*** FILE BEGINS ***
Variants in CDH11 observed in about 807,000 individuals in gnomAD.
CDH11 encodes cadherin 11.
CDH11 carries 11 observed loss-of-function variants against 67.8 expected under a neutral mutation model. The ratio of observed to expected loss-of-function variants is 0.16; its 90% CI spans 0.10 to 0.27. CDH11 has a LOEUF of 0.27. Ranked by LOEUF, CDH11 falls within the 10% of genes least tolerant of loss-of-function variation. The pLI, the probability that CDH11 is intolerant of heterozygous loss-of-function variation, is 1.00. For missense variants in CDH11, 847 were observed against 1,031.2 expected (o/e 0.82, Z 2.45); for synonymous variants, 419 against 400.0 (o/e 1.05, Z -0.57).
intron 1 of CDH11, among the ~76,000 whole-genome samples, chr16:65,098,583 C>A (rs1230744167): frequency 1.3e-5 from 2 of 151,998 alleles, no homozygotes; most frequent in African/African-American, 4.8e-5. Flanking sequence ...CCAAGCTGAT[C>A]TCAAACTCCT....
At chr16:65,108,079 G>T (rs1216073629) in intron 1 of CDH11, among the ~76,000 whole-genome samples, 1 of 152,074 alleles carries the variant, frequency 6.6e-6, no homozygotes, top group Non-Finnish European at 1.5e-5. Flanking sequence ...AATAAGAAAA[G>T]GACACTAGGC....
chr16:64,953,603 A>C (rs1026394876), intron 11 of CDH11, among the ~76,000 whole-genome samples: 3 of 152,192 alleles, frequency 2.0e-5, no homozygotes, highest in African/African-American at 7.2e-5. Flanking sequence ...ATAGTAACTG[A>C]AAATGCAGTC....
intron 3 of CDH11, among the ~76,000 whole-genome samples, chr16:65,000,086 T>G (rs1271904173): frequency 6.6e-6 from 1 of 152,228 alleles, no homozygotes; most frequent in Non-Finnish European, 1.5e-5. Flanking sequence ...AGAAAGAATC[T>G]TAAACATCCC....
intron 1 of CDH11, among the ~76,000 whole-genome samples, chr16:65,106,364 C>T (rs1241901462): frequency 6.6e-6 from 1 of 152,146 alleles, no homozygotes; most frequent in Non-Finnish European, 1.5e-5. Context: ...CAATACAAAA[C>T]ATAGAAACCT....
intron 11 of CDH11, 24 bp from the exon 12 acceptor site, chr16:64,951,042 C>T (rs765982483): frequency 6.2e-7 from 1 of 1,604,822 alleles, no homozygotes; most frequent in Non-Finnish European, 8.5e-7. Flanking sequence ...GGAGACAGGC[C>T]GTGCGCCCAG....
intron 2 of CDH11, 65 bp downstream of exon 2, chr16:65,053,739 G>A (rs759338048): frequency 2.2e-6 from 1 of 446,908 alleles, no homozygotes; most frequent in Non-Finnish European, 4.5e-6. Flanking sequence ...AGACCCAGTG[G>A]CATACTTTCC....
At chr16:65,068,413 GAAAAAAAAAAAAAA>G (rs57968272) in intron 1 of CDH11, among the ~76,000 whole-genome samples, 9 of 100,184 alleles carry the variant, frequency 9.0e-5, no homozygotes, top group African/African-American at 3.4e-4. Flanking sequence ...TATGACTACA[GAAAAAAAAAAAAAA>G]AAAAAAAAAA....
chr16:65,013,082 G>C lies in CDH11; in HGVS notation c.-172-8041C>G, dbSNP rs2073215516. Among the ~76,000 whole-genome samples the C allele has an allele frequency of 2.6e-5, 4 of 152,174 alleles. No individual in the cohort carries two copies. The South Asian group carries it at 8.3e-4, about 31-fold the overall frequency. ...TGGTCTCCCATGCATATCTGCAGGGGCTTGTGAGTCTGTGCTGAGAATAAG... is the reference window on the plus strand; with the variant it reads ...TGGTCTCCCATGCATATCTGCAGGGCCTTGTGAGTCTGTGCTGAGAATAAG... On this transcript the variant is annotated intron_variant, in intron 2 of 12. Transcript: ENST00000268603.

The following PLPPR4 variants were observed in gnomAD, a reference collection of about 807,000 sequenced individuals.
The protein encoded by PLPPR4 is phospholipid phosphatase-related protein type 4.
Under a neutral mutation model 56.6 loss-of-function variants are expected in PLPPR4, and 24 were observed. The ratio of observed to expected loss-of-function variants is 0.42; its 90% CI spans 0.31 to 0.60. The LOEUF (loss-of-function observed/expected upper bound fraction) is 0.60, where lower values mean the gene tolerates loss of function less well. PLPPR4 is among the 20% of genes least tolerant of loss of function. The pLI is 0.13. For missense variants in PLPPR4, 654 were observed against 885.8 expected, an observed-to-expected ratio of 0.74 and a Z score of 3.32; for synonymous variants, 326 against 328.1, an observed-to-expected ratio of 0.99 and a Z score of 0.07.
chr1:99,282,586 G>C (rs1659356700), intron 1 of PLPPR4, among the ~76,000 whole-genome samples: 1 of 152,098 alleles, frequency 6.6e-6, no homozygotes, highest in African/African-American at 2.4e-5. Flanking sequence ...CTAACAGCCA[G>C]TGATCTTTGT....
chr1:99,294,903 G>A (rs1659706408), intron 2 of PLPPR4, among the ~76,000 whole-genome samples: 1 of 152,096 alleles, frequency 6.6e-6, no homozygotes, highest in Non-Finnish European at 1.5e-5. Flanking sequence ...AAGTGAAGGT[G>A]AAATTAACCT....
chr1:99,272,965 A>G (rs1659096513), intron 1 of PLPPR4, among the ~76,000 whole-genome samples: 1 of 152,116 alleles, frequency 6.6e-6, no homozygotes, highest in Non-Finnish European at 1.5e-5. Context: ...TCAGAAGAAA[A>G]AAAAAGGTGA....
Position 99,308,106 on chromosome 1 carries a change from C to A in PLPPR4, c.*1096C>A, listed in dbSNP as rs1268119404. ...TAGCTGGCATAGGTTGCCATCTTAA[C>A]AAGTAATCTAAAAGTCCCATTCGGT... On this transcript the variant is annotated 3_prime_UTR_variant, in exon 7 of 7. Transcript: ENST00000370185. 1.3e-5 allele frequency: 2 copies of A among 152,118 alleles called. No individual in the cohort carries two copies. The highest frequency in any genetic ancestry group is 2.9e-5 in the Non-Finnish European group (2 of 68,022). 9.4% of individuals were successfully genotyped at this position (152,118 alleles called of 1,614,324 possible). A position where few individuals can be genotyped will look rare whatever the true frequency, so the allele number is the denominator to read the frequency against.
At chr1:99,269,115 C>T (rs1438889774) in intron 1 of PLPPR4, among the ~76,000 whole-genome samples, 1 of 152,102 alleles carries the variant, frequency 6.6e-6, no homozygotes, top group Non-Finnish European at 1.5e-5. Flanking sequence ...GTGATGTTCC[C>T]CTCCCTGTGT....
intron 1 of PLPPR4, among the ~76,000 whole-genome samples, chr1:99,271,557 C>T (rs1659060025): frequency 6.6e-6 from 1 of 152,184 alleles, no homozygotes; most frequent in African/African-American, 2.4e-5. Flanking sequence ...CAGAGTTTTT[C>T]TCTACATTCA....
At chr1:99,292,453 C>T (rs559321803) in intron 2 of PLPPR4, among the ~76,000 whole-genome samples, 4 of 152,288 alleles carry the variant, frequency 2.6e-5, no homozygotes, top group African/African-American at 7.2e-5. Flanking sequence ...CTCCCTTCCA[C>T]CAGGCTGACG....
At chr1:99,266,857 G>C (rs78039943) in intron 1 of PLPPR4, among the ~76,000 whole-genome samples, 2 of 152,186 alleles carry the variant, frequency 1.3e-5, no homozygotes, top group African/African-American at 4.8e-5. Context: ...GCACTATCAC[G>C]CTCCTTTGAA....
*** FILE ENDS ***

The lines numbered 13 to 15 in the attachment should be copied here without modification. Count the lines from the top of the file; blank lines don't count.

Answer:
The following PLPPR4 variants were observed in gnomAD, a reference collection of about 807,000 sequenced individuals.
The protein encoded by PLPPR4 is phospholipid phosphatase-related protein type 4.
Under a neutral mutation model 56.6 loss-of-function variants are expected in PLPPR4, and 24 were observed. The ratio of observed to expected loss-of-function variants is 0.42; its 90% CI spans 0.31 to 0.60. The LOEUF (loss-of-function observed/expected upper bound fraction) is 0.60, where lower values mean the gene tolerates loss of function less well. PLPPR4 is among the 20% of genes least tolerant of loss of function. The pLI is 0.13. For missense variants in PLPPR4, 654 were observed against 885.8 expected, an observed-to-expected ratio of 0.74 and a Z score of 3.32; for synonymous variants, 326 against 328.1, an observed-to-expected ratio of 0.99 and a Z score of 0.07.